Faced with the global externality of climate change, there is a strong consensus among academic economists in favor of the price instrument to internalize an externality and to support by means of a tax a universal carbon price, because of the global nature of the climate externality. However, given the very strong long-term uncertainties on climate dynamics, on green technological progress, on the credibility of the commitments of the different countries, on economic growth and therefore on the evolution of emissions, the determination of this price is still a huge challenge for climate economists today. It is a question of valuing present actions generating a flow of economic and environmental benefits, which is very complicated in this context. In this article, I offer a synthesis of my recent work on the subject by presenting the two possible methods: the cost-benefit approach in which the price of carbon is the present value of the flow of damage avoided by reducing the current emissions of ‘a tonne of CO2 and the cost-effectiveness approach in which a CO2 budget for the century is fixed a priori, the price of carbon being the dual variable of this climate constraint.
The price of risk in the evaluation of public policies and investments is tackled here starting on one hand on the way in which the question of risk was discussed in several working groups at France Stratégie (which prepared the main references used in the frameworks of the socio economic evaluation of state investments) and on the other hand on the way in which these tools are in fact mobilized in socio-economic evaluations (which have been observed in the studies appraised in recent years in France by the General Secretariat for Investment). The article then discusses the main challenges that need to be addressed to improve the practice of studies on major projects and to ensure that the appraisals take into account adequately the risks and uncertainties surrounding expected benefits and costs and so they can be really useful in public debate and decision-making.
The equity premium measures the return obtained by investing in equities in excess of a short-term Treasury bill return. In the last thirty years, the financial literature has proposed various risk models to rationalize the magnitude of this premium, which amounts to an annual 6 % to 8 % for most industrialized countries for the post-war period. We review the various models and explain their increased complexity to capture not only the mean premium but also its variability, its predictability at various horizons and its term structure.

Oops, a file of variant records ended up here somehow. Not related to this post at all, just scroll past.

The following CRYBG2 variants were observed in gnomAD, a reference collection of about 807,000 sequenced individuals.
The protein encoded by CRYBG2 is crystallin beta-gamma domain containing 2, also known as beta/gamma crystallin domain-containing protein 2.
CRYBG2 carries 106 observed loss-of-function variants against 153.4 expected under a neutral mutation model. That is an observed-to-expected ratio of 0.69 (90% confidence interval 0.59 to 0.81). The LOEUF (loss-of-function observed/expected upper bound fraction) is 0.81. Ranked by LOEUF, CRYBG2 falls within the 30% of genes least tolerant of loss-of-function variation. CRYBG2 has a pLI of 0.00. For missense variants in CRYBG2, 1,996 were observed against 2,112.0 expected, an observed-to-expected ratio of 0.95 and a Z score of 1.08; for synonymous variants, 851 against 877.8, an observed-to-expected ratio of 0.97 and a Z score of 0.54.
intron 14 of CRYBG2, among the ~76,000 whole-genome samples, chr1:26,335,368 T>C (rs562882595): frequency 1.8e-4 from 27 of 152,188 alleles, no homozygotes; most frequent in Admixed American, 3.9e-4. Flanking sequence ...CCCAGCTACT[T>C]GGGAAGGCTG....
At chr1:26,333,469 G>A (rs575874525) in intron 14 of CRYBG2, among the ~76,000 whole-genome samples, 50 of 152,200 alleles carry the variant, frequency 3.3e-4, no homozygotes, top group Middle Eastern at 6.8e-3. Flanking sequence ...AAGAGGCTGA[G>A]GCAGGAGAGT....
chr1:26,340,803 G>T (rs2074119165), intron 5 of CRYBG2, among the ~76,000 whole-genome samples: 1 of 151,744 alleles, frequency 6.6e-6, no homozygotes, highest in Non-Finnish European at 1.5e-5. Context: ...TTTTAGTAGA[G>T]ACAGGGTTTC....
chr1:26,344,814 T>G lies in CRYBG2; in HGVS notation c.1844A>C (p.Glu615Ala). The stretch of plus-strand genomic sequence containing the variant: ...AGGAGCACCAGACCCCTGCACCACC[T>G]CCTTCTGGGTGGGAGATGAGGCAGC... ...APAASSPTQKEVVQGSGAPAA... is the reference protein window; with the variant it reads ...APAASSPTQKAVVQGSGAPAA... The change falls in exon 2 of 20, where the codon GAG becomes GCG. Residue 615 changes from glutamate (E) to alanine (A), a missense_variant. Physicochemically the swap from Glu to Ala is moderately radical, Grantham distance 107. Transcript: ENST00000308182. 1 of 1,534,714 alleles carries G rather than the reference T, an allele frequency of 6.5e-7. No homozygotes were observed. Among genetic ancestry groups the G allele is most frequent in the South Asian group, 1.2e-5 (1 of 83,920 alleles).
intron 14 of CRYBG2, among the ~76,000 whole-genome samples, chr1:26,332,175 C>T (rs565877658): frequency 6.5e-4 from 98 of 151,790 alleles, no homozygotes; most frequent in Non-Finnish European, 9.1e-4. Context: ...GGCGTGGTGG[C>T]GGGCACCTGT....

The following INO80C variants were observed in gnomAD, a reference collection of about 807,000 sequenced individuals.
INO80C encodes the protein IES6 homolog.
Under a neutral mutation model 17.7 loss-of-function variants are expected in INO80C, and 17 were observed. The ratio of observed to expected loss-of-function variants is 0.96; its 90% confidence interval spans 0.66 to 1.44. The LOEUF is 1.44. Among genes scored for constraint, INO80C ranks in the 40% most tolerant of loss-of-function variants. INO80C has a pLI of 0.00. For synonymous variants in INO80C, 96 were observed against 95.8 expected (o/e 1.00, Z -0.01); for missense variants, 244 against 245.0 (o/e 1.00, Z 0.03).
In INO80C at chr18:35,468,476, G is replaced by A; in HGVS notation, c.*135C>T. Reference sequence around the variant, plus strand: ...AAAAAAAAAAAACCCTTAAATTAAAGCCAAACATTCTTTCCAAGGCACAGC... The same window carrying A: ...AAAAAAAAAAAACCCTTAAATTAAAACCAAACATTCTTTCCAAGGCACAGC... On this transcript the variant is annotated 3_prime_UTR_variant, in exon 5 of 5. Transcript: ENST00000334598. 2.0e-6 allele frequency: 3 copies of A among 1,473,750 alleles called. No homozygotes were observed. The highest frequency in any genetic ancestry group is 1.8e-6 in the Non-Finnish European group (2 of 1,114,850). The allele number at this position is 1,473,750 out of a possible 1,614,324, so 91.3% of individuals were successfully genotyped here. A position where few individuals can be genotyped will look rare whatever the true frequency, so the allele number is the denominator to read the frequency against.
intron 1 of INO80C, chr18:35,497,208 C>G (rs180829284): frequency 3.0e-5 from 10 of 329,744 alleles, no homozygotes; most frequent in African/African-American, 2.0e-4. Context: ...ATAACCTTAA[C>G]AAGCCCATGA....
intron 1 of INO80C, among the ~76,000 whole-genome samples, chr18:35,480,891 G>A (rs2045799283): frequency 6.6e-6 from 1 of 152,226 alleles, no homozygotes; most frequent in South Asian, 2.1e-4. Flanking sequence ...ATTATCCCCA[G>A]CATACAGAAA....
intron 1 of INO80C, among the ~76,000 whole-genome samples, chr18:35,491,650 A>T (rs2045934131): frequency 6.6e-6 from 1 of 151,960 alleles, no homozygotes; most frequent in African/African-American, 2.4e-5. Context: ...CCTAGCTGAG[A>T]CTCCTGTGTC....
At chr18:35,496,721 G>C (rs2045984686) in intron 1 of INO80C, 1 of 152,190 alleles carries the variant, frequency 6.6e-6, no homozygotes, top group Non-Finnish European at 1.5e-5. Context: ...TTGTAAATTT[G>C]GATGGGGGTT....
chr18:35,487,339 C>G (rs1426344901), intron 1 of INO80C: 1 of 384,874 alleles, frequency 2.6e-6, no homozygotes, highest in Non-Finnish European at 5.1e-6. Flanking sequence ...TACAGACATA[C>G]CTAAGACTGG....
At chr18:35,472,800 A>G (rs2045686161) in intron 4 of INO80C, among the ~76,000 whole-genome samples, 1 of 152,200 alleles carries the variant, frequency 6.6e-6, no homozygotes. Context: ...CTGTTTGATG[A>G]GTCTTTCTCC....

Our modern world is giving more and more attention to flexibility. This tendency appears in economic analysis through the increasing interest given to dynamic programming and option values. Without aiming at providing a full view of such large fields, the article tries to make clear and illustrate the most remarkable general result: the decision should be optimised, and generally postponed, in order to take advantage of the increasing information which will happen as time passes. In terms of economic analysis, and especially of dealing with the discount rate, the consequences are different according to the type of decision, whether it is related to a private good, priced through financial markets and goods markets, or a public good, designed in order to maximize some form of welfare.
Following the sub-prime crisis, in 2010 the European Parliament asked the Commission to implement a tax on financial transactions intended to discourage purely speculative financial transactions. To date, only France (2012) and Italy (2013) have introduced such a tax. The French financial transaction tax experiment has been studied in a number of academic articles, the main empirical results of which are quite concordant. However, the recommendations they draw from are quite different. To try to understand these differences, we will present the different arguments against the tax. We then explain why we are not convinced by them, then we formulate a series of proposals for extending the FTT. These proposals, if adopted, would in our view lead to a genuine FTT, which could increase tax revenues without much negative impact.
This paper examines the degree of decentralization of cryptocurrencies and provides comparisons with standard currencies. First, we show that cryptocurrencies are hybrid systems that are both centralized and decentralized. Their software architecture is decentralized, their logical working is centralized, and their institutional and organizational dimensions are partially centralized. Second, we show that the blockchain community is actively working to make the logical and organizational dimensions more decentralized. Doing so, creators of crypto-currencies rediscover some fundamental mechanisms of the banking system.